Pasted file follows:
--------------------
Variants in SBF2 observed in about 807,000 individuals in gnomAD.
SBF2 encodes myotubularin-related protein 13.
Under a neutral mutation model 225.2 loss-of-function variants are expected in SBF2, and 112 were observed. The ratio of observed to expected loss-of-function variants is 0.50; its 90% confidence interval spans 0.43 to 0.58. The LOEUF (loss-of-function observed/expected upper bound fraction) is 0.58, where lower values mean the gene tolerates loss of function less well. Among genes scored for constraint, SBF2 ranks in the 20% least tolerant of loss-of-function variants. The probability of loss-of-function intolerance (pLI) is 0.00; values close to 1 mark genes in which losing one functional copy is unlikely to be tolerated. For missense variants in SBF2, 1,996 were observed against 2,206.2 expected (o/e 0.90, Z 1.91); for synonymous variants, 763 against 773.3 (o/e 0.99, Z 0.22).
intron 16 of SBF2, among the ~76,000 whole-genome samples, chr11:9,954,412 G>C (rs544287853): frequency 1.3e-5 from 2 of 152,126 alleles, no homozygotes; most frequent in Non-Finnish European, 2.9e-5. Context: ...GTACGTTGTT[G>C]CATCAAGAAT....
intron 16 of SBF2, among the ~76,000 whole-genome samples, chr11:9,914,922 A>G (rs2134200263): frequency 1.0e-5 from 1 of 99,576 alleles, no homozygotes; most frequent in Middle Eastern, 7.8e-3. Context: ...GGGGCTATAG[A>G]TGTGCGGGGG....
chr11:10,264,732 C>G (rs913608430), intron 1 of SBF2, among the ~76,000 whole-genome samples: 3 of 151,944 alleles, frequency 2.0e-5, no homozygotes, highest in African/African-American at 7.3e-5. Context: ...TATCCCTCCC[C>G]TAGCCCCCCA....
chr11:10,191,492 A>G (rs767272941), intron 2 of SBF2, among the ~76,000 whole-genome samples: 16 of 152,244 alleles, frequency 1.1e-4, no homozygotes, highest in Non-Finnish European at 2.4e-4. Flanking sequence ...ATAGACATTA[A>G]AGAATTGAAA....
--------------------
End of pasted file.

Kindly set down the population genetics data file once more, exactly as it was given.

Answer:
Variants in SBF2 observed in about 807,000 individuals in gnomAD.
SBF2 encodes myotubularin-related protein 13.
Under a neutral mutation model 225.2 loss-of-function variants are expected in SBF2, and 112 were observed. The ratio of observed to expected loss-of-function variants is 0.50; its 90% confidence interval spans 0.43 to 0.58. The LOEUF (loss-of-function observed/expected upper bound fraction) is 0.58, where lower values mean the gene tolerates loss of function less well. Among genes scored for constraint, SBF2 ranks in the 20% least tolerant of loss-of-function variants. The probability of loss-of-function intolerance (pLI) is 0.00; values close to 1 mark genes in which losing one functional copy is unlikely to be tolerated. For missense variants in SBF2, 1,996 were observed against 2,206.2 expected (o/e 0.90, Z 1.91); for synonymous variants, 763 against 773.3 (o/e 0.99, Z 0.22).
intron 16 of SBF2, among the ~76,000 whole-genome samples, chr11:9,954,412 G>C (rs544287853): frequency 1.3e-5 from 2 of 152,126 alleles, no homozygotes; most frequent in Non-Finnish European, 2.9e-5. Context: ...GTACGTTGTT[G>C]CATCAAGAAT....
intron 16 of SBF2, among the ~76,000 whole-genome samples, chr11:9,914,922 A>G (rs2134200263): frequency 1.0e-5 from 1 of 99,576 alleles, no homozygotes; most frequent in Middle Eastern, 7.8e-3. Context: ...GGGGCTATAG[A>G]TGTGCGGGGG....
chr11:10,264,732 C>G (rs913608430), intron 1 of SBF2, among the ~76,000 whole-genome samples: 3 of 151,944 alleles, frequency 2.0e-5, no homozygotes, highest in African/African-American at 7.3e-5. Context: ...TATCCCTCCC[C>G]TAGCCCCCCA....
chr11:10,191,492 A>G (rs767272941), intron 2 of SBF2, among the ~76,000 whole-genome samples: 16 of 152,244 alleles, frequency 1.1e-4, no homozygotes, highest in Non-Finnish European at 2.4e-4. Flanking sequence ...ATAGACATTA[A>G]AGAATTGAAA....